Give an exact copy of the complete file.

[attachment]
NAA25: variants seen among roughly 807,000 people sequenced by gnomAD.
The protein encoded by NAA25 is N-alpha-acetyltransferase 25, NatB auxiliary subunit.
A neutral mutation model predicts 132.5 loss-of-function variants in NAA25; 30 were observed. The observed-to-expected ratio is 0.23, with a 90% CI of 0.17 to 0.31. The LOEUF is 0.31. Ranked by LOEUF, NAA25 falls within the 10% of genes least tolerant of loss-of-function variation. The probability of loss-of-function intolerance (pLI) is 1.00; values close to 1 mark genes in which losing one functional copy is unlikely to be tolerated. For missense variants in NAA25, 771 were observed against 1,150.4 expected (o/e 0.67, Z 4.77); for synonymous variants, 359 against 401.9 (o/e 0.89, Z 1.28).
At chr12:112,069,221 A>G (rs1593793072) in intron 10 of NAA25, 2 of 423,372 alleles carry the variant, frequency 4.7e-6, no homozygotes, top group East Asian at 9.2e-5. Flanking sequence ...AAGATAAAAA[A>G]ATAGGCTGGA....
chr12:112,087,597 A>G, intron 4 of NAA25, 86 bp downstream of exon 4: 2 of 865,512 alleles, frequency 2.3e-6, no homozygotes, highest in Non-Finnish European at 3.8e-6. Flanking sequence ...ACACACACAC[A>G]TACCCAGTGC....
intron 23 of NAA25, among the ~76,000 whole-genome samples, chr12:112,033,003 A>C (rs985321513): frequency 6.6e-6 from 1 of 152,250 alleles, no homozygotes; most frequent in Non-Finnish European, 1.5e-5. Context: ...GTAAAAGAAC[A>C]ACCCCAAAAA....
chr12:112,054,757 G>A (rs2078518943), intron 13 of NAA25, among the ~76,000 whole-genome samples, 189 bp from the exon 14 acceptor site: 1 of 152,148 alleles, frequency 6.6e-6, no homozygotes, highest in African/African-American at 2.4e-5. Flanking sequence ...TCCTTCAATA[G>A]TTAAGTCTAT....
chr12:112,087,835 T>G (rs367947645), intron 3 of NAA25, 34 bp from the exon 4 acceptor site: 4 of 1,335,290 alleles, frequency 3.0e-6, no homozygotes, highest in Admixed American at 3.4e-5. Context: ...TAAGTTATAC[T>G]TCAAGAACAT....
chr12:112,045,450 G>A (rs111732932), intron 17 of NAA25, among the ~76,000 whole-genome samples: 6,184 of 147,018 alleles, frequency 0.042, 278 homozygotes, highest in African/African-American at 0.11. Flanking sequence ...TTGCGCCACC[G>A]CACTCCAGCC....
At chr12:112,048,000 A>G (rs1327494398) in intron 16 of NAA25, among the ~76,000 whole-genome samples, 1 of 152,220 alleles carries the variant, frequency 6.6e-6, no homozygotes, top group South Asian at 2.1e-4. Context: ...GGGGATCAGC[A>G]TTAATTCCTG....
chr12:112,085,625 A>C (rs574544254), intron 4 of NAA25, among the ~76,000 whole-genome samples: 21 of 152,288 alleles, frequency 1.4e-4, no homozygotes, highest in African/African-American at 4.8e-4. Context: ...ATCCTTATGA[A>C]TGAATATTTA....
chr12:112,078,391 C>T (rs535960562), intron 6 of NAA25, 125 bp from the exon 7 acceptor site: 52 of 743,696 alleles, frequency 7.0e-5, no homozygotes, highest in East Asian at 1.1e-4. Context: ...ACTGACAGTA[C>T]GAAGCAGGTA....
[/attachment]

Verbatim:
NAA25: variants seen among roughly 807,000 people sequenced by gnomAD.
The protein encoded by NAA25 is N-alpha-acetyltransferase 25, NatB auxiliary subunit.
A neutral mutation model predicts 132.5 loss-of-function variants in NAA25; 30 were observed. The observed-to-expected ratio is 0.23, with a 90% CI of 0.17 to 0.31. The LOEUF is 0.31. Ranked by LOEUF, NAA25 falls within the 10% of genes least tolerant of loss-of-function variation. The probability of loss-of-function intolerance (pLI) is 1.00; values close to 1 mark genes in which losing one functional copy is unlikely to be tolerated. For missense variants in NAA25, 771 were observed against 1,150.4 expected (o/e 0.67, Z 4.77); for synonymous variants, 359 against 401.9 (o/e 0.89, Z 1.28).
At chr12:112,069,221 A>G (rs1593793072) in intron 10 of NAA25, 2 of 423,372 alleles carry the variant, frequency 4.7e-6, no homozygotes, top group East Asian at 9.2e-5. Flanking sequence ...AAGATAAAAA[A>G]ATAGGCTGGA....
chr12:112,087,597 A>G, intron 4 of NAA25, 86 bp downstream of exon 4: 2 of 865,512 alleles, frequency 2.3e-6, no homozygotes, highest in Non-Finnish European at 3.8e-6. Flanking sequence ...ACACACACAC[A>G]TACCCAGTGC....
intron 23 of NAA25, among the ~76,000 whole-genome samples, chr12:112,033,003 A>C (rs985321513): frequency 6.6e-6 from 1 of 152,250 alleles, no homozygotes; most frequent in Non-Finnish European, 1.5e-5. Context: ...GTAAAAGAAC[A>C]ACCCCAAAAA....
chr12:112,054,757 G>A (rs2078518943), intron 13 of NAA25, among the ~76,000 whole-genome samples, 189 bp from the exon 14 acceptor site: 1 of 152,148 alleles, frequency 6.6e-6, no homozygotes, highest in African/African-American at 2.4e-5. Flanking sequence ...TCCTTCAATA[G>A]TTAAGTCTAT....
chr12:112,087,835 T>G (rs367947645), intron 3 of NAA25, 34 bp from the exon 4 acceptor site: 4 of 1,335,290 alleles, frequency 3.0e-6, no homozygotes, highest in Admixed American at 3.4e-5. Context: ...TAAGTTATAC[T>G]TCAAGAACAT....
chr12:112,045,450 G>A (rs111732932), intron 17 of NAA25, among the ~76,000 whole-genome samples: 6,184 of 147,018 alleles, frequency 0.042, 278 homozygotes, highest in African/African-American at 0.11. Flanking sequence ...TTGCGCCACC[G>A]CACTCCAGCC....
At chr12:112,048,000 A>G (rs1327494398) in intron 16 of NAA25, among the ~76,000 whole-genome samples, 1 of 152,220 alleles carries the variant, frequency 6.6e-6, no homozygotes, top group South Asian at 2.1e-4. Context: ...GGGGATCAGC[A>G]TTAATTCCTG....
chr12:112,085,625 A>C (rs574544254), intron 4 of NAA25, among the ~76,000 whole-genome samples: 21 of 152,288 alleles, frequency 1.4e-4, no homozygotes, highest in African/African-American at 4.8e-4. Context: ...ATCCTTATGA[A>C]TGAATATTTA....
chr12:112,078,391 C>T (rs535960562), intron 6 of NAA25, 125 bp from the exon 7 acceptor site: 52 of 743,696 alleles, frequency 7.0e-5, no homozygotes, highest in East Asian at 1.1e-4. Context: ...ACTGACAGTA[C>T]GAAGCAGGTA....